Selma, Ala., Hyundai supplier Renosol Seating said employees who say or do things it deems harmful to its business may be fired, despite an April 15 federal court order barring the company from retaliating against whistleblowers who voice concerns over their exposure to chemicals that may be making them sick.
“If they go so far as to violate company policy and say and do things that are harmful to the company, then yes, they could be terminated,” Mel Stephens, a spokesman for Renosol’s parent company, Lear Corp., told the Montgomery Advertiser. “They are free to express themselves up until they cross the line.”
Renosol manufactures foam seats for Hyundai Motor Manufacturing Alabama, its sole customer. Renosol’s manufacturing process involves a chemical called toluene diisocyanate, or TDI, which can create asthma and other respiratory distress in workers exposed to it over the long term.
TDI is the chemical Kim King and other Renosol workers say is making them sick. They point to tests administered by Yale University researchers that found TDI antibodies in the blood samples of five of 17 Renosol workers tested.
Renosol and Lear maintain that the seat-manufacturing plant complies with federal safety regulations, but the Occupational Safety and Health Administration (OSHA) found TDI levels within the Selma plant to be “problematic.” OSHA regulators also cited Renosol for violations involving the workers’ direct, unprotected physical exposure to TDI and fined the company $7,000.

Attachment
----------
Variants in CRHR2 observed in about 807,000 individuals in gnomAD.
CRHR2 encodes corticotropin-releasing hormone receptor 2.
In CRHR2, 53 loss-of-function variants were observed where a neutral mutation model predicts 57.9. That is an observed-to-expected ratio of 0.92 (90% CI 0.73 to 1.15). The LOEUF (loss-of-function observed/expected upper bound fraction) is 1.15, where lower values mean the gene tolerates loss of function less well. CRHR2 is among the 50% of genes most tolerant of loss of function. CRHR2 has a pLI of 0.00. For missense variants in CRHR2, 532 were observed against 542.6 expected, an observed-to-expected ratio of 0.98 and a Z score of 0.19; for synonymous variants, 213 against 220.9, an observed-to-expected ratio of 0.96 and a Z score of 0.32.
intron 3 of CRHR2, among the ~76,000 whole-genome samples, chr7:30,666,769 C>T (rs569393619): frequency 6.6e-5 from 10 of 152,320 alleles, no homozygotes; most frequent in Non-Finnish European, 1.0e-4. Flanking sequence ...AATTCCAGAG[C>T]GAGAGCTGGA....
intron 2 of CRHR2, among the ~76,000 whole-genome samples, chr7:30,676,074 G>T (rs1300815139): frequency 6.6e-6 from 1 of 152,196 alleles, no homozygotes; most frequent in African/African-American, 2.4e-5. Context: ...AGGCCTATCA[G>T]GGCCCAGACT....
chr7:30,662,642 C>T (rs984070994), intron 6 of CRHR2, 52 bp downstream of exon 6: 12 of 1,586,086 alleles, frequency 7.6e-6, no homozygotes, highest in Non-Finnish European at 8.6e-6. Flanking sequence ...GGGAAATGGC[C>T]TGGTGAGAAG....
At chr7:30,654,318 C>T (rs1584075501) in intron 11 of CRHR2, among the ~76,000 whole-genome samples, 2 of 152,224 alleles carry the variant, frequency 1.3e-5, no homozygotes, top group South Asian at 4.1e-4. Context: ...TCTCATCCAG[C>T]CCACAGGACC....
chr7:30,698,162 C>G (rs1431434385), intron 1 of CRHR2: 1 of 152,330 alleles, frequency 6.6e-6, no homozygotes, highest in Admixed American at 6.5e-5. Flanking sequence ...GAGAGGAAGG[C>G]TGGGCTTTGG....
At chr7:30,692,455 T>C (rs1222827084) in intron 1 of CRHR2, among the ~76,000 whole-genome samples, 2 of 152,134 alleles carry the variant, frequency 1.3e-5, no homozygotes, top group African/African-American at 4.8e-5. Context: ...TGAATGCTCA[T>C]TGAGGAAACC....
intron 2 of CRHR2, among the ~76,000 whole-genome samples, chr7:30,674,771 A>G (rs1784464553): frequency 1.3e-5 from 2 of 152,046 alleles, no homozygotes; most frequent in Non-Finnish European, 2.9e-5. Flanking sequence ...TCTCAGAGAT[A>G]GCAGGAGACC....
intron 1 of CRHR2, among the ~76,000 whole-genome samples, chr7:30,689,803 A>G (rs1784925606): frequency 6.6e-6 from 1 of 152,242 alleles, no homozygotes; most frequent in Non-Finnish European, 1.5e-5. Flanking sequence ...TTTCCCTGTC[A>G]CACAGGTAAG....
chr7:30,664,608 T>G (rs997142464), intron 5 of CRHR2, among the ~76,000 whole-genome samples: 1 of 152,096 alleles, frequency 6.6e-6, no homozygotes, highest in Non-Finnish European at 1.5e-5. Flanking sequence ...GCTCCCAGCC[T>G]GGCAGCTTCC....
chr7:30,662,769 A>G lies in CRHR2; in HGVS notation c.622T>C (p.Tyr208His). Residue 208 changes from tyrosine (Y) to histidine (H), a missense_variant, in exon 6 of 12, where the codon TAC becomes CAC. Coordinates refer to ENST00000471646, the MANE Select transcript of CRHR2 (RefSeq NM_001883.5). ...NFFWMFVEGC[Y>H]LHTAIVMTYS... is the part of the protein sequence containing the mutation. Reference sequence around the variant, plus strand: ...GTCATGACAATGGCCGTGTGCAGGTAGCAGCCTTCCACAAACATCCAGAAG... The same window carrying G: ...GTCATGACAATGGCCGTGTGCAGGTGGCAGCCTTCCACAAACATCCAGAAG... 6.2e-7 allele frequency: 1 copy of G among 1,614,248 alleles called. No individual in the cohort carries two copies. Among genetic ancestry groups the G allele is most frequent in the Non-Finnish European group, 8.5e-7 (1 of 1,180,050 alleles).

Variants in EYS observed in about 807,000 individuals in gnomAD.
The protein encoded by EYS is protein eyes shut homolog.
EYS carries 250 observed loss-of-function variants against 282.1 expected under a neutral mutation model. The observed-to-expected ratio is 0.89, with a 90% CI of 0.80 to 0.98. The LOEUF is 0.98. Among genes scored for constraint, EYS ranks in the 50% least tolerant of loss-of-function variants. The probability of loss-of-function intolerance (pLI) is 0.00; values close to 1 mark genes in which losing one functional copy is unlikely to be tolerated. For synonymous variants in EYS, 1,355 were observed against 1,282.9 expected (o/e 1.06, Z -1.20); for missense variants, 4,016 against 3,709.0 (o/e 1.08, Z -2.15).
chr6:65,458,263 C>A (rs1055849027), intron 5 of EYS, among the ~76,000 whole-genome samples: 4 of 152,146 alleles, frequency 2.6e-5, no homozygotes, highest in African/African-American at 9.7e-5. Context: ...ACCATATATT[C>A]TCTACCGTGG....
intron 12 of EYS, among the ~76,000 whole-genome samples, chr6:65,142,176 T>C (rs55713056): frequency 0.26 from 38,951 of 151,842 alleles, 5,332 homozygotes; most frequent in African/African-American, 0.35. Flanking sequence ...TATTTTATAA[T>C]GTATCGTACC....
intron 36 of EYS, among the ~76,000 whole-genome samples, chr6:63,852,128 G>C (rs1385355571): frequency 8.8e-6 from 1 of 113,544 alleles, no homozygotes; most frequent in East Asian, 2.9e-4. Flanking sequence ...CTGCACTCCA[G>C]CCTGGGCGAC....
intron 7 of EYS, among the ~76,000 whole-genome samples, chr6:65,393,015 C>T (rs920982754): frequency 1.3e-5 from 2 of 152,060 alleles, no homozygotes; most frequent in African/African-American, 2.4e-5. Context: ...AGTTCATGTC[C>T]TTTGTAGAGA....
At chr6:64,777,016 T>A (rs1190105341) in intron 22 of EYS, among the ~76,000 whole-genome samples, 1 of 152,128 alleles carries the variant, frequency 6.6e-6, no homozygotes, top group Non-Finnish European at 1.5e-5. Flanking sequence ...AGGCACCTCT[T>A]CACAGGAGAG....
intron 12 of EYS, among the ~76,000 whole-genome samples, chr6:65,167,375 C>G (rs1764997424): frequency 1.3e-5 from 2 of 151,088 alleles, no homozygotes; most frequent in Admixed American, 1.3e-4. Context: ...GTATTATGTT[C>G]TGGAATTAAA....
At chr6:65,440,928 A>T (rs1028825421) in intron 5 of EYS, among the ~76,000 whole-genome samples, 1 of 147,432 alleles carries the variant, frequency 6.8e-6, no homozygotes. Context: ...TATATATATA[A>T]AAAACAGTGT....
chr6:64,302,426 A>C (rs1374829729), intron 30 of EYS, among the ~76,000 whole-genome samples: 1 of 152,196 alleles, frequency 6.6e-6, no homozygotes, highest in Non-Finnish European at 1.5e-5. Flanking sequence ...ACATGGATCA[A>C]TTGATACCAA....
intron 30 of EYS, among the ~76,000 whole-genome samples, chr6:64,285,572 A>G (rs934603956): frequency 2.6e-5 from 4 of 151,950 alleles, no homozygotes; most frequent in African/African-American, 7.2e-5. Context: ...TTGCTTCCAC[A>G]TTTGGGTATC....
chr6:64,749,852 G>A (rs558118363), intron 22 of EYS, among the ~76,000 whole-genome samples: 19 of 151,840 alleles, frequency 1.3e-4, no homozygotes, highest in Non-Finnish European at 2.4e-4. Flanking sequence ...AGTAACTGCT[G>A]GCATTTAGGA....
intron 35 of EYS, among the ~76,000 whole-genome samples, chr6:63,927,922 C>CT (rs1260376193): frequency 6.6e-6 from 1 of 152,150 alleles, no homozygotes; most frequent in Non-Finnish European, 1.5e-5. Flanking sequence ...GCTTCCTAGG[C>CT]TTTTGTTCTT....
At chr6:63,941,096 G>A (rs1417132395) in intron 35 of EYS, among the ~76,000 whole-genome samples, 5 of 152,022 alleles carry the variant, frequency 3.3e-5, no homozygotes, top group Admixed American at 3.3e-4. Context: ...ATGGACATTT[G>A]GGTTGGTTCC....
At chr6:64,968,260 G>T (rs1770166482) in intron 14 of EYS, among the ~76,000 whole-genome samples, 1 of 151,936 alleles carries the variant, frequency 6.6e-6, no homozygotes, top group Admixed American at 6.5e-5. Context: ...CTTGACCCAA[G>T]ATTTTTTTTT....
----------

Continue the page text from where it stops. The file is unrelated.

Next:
Some safety experts warn that OSHA’s regulations are outdated and inadequate, leaving regulators nearly powerless to take meaningful action.
Peter Dooley of the National Council for Occupational Health told the Montgomery Advertiser that for decades he has seen the “devastating” toll TDI takes on plant workers around the world, largely due to workplace safety regulations that have failed to keep pace with knowledge about industrial chemicals and their effects on factory workers exposed to them.
“The OSHA limits have been stuck in time for 45 years, for the most part,” Mr. Dooley told the Advertiser. “When it comes to chemical exposures and health hazards, the standards and citations and penalties are much lower than they are for (physical) safety-related things.”
The outdated chemical regulations effectively allow companies like Renosol to expose their workers to levels of toxins that are potentially devastating to their health, without fear of penalties or any corrective actions.
The same out-of-date regulations also allow companies to be in compliance with safety rules and standards while disregarding concerns of workers who are being poisoned by long-term exposure to industrial chemicals.
According to the Advertiser, Renosol says the workers are “engaging in baseless scare tactics as part of an orchestrated push by an [autoworkers union] to gain a foothold in Alabama’s rapidly growing auto industry.”